At any rate, as I said, coming in from the outside with various grandiose, high powered introductions, Westmoreland was prepared to give me a lot of time. Also, I listened and as I said, I found him rather bewildered. The last week before he left I spent several hours with him. I shall never forget his producing a map of Vietnam with an overlay showing some sort of engagements and saying it had been prepared at his request by his military history section and General Westmoreland said, you see, you've got to show them we're fighting on a front longer than the one we fought on in France. I couldn't obviously say, General look, it's nothing to do with it. It is not a guerrilla war, of course, in spite of what the communists say. It was a war of regular units, but those regular units were not fighting in a long line. Nobody's trying to hold a line. They are trying to hold pockets of territory which is quite a different thing, and they are trying to break our morale, just as we are trying to break their morale. And yet despite his naivete, despite the fact that Abrams who succeeded him was a much more able man and at least more down to earth to us correspondents, Westmoreland presided over the buildup that did succeed in grinding down the North Vietnamese on the ground. He did not -- that isn't his fault, but the American effort obviously did not succeed in grinding down the North Vietnamese will, which is the real issue.

Barry Zorthian, clever. Genial, essentially again a flyboy a man inclined to wing it. You ask Barry a question he almost always had an answer. Often the answer was made up on the spot by Barry -- quite often. It would differ from the actual fact as one would discover by further research. To do any research, because I'd go to the people and seen them themselves, because in the American establishment particularly, there was no problem seeing people.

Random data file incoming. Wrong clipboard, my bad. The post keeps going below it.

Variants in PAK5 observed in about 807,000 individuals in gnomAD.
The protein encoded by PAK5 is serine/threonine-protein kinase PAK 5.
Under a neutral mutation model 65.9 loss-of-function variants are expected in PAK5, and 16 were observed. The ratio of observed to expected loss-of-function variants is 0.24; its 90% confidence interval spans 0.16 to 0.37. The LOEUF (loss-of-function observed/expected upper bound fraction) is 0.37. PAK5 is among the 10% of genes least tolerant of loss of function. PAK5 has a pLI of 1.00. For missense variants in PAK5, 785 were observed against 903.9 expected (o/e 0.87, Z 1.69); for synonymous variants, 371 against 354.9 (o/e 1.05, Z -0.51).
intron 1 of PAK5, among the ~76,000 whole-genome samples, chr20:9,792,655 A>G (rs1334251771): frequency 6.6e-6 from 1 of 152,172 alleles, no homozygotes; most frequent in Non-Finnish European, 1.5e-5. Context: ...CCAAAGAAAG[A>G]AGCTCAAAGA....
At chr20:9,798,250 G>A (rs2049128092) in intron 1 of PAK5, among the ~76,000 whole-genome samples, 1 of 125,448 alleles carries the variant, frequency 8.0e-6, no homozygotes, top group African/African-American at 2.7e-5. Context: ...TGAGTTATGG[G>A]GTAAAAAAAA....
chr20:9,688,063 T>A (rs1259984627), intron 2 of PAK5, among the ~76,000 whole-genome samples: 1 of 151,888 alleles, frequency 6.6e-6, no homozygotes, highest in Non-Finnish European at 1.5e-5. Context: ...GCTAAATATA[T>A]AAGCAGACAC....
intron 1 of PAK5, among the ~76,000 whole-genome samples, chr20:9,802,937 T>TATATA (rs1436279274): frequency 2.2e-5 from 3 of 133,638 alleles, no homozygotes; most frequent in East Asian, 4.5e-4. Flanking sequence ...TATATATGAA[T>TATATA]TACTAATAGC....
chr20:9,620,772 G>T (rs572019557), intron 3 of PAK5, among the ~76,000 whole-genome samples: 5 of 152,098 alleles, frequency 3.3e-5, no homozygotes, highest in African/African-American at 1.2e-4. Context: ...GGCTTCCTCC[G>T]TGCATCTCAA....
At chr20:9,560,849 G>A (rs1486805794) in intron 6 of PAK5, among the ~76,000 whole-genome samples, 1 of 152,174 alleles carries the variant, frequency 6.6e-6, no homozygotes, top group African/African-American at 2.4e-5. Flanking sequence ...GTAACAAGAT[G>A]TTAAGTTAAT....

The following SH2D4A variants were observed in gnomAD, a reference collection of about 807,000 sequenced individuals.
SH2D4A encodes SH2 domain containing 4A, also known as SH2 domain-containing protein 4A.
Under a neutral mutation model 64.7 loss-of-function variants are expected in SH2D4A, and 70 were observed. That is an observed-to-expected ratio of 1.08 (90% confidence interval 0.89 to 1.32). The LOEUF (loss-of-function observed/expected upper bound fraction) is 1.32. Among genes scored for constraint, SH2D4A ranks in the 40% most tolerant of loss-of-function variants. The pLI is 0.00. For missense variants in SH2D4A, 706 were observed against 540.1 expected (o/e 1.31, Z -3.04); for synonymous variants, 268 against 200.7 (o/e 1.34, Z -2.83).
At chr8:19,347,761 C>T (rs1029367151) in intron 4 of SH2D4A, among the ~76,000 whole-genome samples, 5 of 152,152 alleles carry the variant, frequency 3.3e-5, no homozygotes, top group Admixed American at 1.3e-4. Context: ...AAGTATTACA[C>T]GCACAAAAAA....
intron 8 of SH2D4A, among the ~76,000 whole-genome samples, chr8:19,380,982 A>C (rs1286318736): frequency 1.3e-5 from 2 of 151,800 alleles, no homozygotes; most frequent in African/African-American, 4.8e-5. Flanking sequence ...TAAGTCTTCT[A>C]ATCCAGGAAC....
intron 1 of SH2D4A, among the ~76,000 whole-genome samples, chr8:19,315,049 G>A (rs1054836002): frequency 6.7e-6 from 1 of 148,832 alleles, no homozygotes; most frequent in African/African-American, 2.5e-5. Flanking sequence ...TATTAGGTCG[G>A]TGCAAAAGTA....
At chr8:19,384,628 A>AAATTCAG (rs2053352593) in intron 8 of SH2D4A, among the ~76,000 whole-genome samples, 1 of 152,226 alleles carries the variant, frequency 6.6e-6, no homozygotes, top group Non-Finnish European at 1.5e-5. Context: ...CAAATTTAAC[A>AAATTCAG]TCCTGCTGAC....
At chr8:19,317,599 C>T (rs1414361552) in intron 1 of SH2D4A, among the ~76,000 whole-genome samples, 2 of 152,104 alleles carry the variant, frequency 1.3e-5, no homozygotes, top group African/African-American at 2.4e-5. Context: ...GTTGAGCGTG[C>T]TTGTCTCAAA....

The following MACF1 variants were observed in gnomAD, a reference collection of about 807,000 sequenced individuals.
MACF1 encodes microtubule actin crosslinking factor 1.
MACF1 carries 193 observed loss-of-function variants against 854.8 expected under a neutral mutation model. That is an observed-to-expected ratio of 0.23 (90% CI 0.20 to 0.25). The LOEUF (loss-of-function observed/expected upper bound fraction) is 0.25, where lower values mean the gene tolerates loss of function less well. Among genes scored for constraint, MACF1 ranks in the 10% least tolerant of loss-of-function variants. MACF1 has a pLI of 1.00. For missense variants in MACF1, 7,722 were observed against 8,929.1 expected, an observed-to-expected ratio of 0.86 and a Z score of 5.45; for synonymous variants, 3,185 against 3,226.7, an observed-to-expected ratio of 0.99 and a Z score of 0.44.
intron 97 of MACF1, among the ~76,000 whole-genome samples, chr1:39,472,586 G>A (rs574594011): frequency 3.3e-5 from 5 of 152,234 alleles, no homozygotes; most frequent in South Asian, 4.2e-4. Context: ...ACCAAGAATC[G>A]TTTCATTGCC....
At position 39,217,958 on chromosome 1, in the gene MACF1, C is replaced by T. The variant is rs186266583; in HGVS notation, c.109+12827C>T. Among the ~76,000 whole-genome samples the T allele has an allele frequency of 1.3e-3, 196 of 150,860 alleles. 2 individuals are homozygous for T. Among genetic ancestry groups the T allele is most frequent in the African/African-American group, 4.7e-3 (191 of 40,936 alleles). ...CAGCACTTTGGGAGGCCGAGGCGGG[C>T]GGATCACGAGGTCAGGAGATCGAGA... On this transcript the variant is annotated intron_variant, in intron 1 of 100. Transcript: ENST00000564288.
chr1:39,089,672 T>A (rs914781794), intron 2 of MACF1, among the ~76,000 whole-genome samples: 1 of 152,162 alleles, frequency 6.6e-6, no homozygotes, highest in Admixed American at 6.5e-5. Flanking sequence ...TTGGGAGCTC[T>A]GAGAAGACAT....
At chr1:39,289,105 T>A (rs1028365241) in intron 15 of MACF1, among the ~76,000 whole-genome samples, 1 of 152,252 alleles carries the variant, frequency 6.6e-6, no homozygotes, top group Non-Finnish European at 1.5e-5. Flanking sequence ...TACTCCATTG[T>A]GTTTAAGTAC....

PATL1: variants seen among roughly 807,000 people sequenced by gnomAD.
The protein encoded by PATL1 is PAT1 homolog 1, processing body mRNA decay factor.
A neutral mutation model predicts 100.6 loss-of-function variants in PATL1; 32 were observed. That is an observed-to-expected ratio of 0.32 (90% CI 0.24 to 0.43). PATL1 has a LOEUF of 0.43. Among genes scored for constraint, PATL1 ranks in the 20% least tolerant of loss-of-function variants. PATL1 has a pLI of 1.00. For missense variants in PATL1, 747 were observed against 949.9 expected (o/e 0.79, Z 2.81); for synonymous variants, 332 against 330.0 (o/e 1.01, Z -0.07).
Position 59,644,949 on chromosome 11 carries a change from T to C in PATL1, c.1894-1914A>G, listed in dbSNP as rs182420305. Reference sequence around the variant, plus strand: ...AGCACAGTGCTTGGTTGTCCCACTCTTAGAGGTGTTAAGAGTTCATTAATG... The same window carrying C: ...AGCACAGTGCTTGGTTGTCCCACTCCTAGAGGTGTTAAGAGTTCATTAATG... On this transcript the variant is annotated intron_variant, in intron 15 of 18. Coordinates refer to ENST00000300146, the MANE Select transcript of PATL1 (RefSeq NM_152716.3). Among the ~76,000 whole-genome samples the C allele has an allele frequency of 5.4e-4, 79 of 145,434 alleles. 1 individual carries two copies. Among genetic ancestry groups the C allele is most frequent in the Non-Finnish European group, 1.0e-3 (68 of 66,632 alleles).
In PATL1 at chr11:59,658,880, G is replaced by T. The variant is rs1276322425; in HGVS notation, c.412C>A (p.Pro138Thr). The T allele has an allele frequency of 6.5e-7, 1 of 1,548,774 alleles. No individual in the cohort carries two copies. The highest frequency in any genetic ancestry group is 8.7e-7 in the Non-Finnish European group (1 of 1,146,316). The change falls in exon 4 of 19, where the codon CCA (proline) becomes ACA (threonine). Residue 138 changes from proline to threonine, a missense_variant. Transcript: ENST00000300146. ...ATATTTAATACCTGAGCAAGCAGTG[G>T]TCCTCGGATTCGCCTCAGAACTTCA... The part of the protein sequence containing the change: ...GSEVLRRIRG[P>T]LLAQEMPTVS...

BILL COLBY who later became head of the CIA, they all enjoyed their perks. They were at least Code Six for helicopter priorities, which is comparable to a full colonel. It was to them at least, a fun war. Colby, cold bureaucratic, yet I found when I spent a couple of days with him going around his possessions, quite open and open minded. What I see in the papers, he later turned into an arch bureaucratic infighter in Washington. That was not the impression I had then. But again, my impression was rather superficial. I knew him over a period of time, spent some days with him, but didn't really know him well enough to make any kind of final judgement.

With ELLSWORTH BUNKER the perennial ambassador I must declare an interest. I first met him when he was in India and I was stationed in 1956 when he came there as ambassador, and I had just opened a Newsweek bureau there. . . . was another ambassador in Nepal. I had a rather tenuous old connection. An uncle of hers had been a teacher of mine in high school, a teacher of whom I had been very fond, and he'd been very good to me. We generally liked each other, although of course he was so much older. I remember telling him once he didn't know anything about India because he lived in a glass bellow provided for diplomats, particularly for ambassadors, whereas I although living a lot better than 99% of the Indians, was nonetheless exposed to vagaries and the problems of living in the country rather than on the country. He tended to agree.